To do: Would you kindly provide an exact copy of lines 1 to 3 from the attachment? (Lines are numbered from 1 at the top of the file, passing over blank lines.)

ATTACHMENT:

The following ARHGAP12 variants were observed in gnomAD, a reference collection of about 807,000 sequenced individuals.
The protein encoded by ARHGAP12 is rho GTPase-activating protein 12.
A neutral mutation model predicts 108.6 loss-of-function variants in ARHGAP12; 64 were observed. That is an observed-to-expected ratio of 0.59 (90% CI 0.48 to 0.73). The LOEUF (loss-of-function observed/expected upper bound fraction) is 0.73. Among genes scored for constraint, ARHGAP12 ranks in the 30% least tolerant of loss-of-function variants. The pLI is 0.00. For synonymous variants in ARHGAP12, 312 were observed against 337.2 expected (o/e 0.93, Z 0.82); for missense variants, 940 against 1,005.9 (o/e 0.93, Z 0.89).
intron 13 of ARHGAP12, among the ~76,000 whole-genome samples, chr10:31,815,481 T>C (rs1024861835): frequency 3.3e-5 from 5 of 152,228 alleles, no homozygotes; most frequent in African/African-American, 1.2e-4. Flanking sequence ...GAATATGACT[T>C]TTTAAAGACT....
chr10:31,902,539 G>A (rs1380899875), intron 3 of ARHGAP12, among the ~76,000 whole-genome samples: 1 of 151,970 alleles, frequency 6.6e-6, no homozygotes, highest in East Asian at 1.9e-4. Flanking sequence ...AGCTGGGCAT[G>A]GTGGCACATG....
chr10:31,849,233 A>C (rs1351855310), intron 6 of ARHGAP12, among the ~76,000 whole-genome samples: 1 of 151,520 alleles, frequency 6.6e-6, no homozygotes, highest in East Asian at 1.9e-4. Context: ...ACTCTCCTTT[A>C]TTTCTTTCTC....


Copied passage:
The following ARHGAP12 variants were observed in gnomAD, a reference collection of about 807,000 sequenced individuals.
The protein encoded by ARHGAP12 is rho GTPase-activating protein 12.
A neutral mutation model predicts 108.6 loss-of-function variants in ARHGAP12; 64 were observed. That is an observed-to-expected ratio of 0.59 (90% CI 0.48 to 0.73). The LOEUF (loss-of-function observed/expected upper bound fraction) is 0.73. Among genes scored for constraint, ARHGAP12 ranks in the 30% least tolerant of loss-of-function variants. The pLI is 0.00. For synonymous variants in ARHGAP12, 312 were observed against 337.2 expected (o/e 0.93, Z 0.82); for missense variants, 940 against 1,005.9 (o/e 0.93, Z 0.89).